Patients are often surprised when we discuss the need for adequate sleep to maintain the immune system. We are all used to thinking about our diet, computer/screen habits, and supplements or herbs as having a lot to do with building a strong immune response, but – sleep? Yep! Sleep (and often the lack thereof) has a huge impact on the strength of the immune response our bodies can mount against outside invaders. Are you or someone you know struggling with ADHD sleep issues? Pregnancy sleep issues? COVID-19 stress sleep issues? Quarantine stress sleep issues? Are you or someone you know an insomniac or even struggling with minor insomnia? Read on……
How does sleep affect our Immune System?
In a western medical sense, there are a number of things that occur during the various stages of sleep. One of the most influential is the creation of what are called “cytokines” within the body. Cytokines are proteins that target infections and inflammation. These increase as we get good, sound sleep. (https://www.sleepfoundation.org/articles/how-sleep-affects-your-immunity) When our sleep is restricted, especially if poor sleep becomes a chronic issue, less of the beneficial cytokines are released and instead the body puts out pro-inflammatory cytokines. In the same study that demonstrates this, researches also found that sleep and the circadian rhythm seems to have a role in communications between the central nervous system and aspects of the immune system. (https://www.ncbi.nlm.nih.gov/pmc/articles/PMC3256323/)
In Oriental Medicine, strong immunity is part of the roll of the Spleen and Lung organ systems. These two systems–like all the other organs–actually are related to our mental outlook on life. Ancient masters of Oriental Medicine spoke of subtle aspects of a person’s mental outlook “going to the organs” during sleep “to shelter and consolidate their energy”. What we know in a more modern sense: during sleep, blood flow increases to all the organs. This increased blood carries the necessary worker cells and building blocks to maintain healthy organ tissue. When sleep is less than what is required by a person’s body, less of this beneficial work is performed; over time the tissues are not maintained in a healthy state. They are unable to resist invading organisms because their function is decreased.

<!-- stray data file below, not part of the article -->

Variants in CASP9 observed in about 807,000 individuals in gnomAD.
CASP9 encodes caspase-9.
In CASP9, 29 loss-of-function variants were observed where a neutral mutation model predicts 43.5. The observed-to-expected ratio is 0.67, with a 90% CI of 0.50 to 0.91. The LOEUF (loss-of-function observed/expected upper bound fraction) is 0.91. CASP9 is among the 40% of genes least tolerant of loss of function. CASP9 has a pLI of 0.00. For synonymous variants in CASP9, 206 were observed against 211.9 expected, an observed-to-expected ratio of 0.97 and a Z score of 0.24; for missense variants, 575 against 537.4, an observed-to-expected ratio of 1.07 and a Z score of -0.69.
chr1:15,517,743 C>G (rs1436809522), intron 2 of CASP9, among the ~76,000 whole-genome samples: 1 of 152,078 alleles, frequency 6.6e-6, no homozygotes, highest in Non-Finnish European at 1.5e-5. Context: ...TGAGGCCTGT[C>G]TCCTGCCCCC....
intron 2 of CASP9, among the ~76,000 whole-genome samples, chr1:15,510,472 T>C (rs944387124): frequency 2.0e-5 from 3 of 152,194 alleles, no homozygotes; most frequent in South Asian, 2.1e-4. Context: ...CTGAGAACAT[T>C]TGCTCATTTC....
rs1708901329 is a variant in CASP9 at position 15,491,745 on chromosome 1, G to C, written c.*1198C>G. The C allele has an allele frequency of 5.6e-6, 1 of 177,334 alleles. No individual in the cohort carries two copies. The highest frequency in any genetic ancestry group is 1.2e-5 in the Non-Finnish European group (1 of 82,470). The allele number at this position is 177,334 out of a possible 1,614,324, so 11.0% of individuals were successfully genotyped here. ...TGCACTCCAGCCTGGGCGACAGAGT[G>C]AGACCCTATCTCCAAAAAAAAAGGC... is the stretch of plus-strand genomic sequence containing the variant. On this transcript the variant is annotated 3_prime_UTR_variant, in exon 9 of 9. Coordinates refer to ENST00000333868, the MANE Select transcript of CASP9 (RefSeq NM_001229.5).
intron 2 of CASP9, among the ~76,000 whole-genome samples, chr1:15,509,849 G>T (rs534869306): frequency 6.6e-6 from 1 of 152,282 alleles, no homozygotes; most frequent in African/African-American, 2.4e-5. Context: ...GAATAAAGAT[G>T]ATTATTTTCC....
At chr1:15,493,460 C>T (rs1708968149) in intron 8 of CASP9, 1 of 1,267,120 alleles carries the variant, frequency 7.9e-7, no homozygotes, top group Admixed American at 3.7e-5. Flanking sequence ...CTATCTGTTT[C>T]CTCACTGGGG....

How can a person get better sleep?
If you struggle with sleep quality there are a number of things you can do to correct it:
- Develop a regular sleep/waking schedule.
- Go to bed and get up at about the same time(s) each day if possible.
- Turn of electronic devices a good 1-2 hours before sleep as the blue light emitted by these devices interferes with our body’s ability to go into sleep mode.
- Keep evening meals light, trying not to eat within 1-2 hours of bed time. The activity of the digestive system can keep you from falling asleep easily. Also, food in the stomach can contribute to acid reflux when you lay down.
- Avoid stimulants like caffeine and excessive alcohol consumption before bed. Both of these will keep you awake, or cause inconsistent and interrupted sleep.
- Have a quiet, dark, slightly cool sleep area that is just for sleeping. For example, keep television and computer use to other areas of your home.
If you are having issues with sleep quality, acupuncture and Chinese herbal medicine can help. A complete intake and diagnosis can help pinpoint the cause and start you on the road to better sleep and a stronger immune system.